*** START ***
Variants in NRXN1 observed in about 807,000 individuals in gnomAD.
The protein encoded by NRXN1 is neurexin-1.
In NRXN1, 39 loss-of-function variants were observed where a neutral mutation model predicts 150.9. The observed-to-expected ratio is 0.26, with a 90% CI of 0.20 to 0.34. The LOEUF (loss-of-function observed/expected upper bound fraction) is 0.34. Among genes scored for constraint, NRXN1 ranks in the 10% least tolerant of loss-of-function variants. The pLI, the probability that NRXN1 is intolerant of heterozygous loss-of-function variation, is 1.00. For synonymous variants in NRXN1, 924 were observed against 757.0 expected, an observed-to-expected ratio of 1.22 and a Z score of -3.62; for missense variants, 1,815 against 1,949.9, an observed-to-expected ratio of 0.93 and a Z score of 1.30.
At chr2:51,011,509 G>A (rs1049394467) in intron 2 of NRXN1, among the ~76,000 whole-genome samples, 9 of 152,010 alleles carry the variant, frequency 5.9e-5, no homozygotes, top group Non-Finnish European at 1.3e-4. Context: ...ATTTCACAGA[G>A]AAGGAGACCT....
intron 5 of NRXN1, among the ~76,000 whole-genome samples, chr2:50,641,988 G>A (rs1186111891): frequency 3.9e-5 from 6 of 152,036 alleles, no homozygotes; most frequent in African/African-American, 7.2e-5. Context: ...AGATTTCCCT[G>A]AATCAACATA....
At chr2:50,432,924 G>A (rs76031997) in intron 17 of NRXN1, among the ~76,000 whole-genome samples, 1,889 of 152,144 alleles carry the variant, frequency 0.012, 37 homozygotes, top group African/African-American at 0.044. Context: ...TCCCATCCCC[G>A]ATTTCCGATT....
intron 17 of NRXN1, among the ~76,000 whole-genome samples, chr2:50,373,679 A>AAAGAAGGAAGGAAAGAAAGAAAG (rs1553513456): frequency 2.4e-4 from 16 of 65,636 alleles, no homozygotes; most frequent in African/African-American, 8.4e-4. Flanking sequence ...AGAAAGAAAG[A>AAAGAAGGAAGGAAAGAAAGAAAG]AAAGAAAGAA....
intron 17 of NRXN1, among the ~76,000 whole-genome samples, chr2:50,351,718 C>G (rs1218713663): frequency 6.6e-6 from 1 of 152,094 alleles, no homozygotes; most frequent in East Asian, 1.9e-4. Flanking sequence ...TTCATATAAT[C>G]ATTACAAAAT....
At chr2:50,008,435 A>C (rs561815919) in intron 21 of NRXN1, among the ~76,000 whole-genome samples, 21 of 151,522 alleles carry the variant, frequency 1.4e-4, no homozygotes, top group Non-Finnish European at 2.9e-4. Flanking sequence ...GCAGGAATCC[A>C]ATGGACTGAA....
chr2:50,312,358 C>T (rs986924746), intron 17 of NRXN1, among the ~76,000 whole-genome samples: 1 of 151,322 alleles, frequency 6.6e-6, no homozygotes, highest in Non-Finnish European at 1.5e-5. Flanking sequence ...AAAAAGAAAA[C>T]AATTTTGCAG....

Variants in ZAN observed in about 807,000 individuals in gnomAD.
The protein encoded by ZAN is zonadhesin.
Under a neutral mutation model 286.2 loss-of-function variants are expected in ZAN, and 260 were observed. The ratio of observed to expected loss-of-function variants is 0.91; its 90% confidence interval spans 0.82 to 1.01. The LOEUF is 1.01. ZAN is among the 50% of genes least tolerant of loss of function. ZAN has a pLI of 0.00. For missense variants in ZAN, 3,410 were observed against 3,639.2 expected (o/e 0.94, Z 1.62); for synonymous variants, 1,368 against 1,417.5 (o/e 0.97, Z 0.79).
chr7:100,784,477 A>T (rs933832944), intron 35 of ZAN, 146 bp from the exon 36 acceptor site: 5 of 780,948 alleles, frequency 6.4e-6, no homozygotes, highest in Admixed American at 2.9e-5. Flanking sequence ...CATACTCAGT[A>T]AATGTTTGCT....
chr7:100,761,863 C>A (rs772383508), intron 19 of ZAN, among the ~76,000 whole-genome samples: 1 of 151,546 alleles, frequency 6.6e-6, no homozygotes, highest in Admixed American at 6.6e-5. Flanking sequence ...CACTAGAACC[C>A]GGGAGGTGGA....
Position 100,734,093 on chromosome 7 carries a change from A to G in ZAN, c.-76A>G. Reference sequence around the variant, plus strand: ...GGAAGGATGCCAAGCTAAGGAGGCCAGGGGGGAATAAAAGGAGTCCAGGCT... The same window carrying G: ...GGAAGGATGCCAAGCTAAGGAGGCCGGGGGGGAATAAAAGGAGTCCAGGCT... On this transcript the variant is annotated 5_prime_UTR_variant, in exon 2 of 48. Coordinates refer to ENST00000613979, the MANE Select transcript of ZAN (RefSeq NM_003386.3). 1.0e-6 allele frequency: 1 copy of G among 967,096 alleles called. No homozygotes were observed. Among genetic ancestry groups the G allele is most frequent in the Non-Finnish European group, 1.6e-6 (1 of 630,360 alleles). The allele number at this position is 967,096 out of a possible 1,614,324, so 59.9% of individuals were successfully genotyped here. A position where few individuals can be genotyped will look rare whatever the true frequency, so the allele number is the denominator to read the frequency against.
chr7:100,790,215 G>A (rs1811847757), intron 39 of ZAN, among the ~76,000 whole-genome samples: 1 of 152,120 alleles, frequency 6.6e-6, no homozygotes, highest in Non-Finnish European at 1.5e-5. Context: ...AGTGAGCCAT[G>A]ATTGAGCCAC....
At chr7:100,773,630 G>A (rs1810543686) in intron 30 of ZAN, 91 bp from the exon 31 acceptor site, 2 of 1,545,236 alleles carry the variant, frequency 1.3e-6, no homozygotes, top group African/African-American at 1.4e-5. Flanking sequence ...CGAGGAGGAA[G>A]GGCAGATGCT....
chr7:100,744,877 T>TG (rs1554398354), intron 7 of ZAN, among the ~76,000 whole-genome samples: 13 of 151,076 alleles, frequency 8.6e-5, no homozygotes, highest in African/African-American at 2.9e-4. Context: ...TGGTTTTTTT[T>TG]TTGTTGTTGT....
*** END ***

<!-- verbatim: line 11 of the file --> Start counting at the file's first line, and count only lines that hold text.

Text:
Variants in ZAN observed in about 807,000 individuals in gnomAD.